Turning a loss into a win

Unknown bridge
Unknown bridge

I'm not a fight fan. If I didn't work in television, I might not have known there was a big fight this weekend. However, Monday I was stuck in line with little choice but to listen to a couple of guys talk about the Mayweather/Guererreo event Saturday night. Apparently Mayweather dominated the ring and was hugely impressive. After that information, most of what they said didn't "land" with me, but the conversation became more interesting when one guy chimed in with a strange opinion:

"We'll never know how good Mayweather is until he loses."

What?  Did I hear that correctly?

Fortunately I wasn't the only one confused.  The guy with the deeper voice asked the question for me, "What do you mean?"

Then the first guy described how all of the great athletes show their greatness by overcoming a loss. "If he never loses a challenge, you'll never see if he has the character to overcome difficulty."

I missed the rest of the chat, but in that quick eavesdropping exchange, I wondered if I was defining "loss" correctly. Loss is always a negative, right?

I don't enjoy losing, ergo losing is "bad."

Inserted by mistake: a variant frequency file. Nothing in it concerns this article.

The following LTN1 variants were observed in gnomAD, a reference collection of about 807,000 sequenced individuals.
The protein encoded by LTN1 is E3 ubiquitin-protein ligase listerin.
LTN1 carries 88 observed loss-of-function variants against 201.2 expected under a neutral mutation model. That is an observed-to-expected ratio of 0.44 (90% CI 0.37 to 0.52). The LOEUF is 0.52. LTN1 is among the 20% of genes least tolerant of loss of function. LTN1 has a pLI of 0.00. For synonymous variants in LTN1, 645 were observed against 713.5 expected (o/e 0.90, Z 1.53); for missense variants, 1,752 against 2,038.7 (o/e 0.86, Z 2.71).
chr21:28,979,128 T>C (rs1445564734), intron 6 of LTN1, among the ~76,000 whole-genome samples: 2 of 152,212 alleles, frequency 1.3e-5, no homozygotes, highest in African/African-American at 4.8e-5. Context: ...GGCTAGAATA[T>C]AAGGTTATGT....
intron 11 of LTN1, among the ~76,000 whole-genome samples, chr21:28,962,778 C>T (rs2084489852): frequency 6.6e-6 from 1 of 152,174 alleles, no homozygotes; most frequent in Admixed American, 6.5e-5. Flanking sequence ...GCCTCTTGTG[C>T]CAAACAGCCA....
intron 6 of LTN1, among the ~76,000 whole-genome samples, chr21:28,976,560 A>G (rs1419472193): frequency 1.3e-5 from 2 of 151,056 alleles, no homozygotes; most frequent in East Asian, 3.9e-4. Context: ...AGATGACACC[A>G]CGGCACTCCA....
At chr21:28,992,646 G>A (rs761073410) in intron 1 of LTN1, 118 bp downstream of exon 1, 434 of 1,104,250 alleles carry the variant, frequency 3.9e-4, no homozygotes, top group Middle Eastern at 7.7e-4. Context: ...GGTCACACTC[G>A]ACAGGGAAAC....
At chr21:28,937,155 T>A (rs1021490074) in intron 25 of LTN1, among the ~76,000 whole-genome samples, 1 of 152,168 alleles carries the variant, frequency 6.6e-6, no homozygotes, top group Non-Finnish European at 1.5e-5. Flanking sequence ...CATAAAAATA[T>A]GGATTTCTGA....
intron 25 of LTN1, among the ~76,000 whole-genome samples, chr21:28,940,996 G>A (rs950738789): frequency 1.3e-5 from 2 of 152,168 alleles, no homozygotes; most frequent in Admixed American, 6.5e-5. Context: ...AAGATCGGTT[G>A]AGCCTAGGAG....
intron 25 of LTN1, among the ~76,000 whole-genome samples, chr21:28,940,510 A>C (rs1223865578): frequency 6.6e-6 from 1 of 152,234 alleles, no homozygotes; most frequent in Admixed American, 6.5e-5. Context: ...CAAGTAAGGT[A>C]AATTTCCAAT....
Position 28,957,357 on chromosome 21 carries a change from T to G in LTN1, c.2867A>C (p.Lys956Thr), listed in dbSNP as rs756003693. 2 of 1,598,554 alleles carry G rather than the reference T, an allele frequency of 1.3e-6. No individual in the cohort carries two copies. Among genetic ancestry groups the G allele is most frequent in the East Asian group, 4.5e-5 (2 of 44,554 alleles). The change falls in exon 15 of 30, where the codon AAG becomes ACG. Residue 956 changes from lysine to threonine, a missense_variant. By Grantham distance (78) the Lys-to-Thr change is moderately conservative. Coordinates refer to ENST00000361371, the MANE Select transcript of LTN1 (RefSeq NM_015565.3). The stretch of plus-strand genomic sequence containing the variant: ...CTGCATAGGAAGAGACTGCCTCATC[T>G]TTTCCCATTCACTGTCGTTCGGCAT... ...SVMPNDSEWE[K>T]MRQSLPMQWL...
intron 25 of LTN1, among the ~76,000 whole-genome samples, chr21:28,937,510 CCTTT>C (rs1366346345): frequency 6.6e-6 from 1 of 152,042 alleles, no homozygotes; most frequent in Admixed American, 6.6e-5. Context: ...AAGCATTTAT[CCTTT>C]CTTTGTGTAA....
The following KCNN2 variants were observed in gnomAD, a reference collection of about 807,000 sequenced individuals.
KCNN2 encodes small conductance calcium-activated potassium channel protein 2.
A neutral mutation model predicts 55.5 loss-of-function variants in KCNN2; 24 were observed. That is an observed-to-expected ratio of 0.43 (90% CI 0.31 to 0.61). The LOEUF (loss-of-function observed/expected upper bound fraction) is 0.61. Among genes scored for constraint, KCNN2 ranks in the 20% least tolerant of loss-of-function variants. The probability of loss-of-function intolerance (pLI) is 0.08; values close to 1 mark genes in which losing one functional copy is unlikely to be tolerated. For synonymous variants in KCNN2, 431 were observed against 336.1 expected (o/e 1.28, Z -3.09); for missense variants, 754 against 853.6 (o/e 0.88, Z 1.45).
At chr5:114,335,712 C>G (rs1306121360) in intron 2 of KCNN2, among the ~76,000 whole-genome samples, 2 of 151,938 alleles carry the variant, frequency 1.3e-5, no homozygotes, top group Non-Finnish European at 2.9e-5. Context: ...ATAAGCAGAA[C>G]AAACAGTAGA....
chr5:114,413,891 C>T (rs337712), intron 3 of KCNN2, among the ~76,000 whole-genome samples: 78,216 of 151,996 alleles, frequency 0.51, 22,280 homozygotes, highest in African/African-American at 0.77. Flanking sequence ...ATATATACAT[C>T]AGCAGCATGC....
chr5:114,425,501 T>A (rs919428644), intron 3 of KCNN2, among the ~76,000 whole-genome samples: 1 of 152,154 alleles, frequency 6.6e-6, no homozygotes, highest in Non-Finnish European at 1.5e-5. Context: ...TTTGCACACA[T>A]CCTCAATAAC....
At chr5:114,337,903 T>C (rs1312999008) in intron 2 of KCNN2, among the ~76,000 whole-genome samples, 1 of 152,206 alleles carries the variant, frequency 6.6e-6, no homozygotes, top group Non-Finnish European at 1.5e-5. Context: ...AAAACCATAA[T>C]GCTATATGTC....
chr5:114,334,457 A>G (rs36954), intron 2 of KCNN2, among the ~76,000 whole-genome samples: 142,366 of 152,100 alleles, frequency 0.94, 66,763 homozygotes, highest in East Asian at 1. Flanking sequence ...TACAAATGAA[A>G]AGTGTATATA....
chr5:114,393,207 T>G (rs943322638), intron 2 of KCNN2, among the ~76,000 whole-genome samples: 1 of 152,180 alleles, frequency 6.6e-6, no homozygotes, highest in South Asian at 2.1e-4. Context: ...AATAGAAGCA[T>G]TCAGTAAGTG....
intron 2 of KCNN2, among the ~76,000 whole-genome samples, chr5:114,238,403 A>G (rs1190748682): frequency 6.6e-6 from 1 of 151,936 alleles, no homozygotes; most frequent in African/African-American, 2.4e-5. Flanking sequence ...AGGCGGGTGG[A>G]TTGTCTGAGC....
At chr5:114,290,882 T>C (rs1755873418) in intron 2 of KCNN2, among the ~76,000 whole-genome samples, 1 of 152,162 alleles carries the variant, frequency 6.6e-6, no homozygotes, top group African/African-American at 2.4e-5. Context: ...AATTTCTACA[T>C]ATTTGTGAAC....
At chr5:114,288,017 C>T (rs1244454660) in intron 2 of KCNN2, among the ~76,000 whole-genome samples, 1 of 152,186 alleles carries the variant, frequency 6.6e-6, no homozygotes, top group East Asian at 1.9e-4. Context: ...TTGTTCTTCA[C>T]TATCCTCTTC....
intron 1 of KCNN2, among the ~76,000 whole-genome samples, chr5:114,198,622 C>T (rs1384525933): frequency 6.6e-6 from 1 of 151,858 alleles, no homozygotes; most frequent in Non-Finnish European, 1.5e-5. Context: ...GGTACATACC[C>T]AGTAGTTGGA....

Sure, I know the cliché, "no pain, no gain," but that's an expression best used in the gym. I don't want my character development to be painful. I want it to be like having a manicure - luxurious, easy, and fast.

Only there's a problem.

By harboring this attitude, even deep in my brain, I'm setting myself up as a consumer with an appetite only for things I "enjoy."   I cultivate the idea that the world should operate according to my expectations and somehow live within my control. Sort of like a Joy 2.0 Operating System.

And, I don't know about you, but there's a TON of power in my expectations. When I don't get my way, I get irritated, snippy, resentful, and kind of, well, as they say in the South, "ugly."

Since when have life's rewards EVER been easy?

Anyone living a story worth following has to overcome obstacles, challenges, and losses. Walking a smooth, well-manicured path isn't terribly compelling, and, if you're put together like me, you know in your gut this is true.

Which makes me ask a few questions...

- What's my risk tolerance? - Do my strategies for growth allow for failure? - Where do I need to adjust my expectations? - Can I accept a "loss" as a growth catalyst or do I make it something else?

What do you do to push yourself?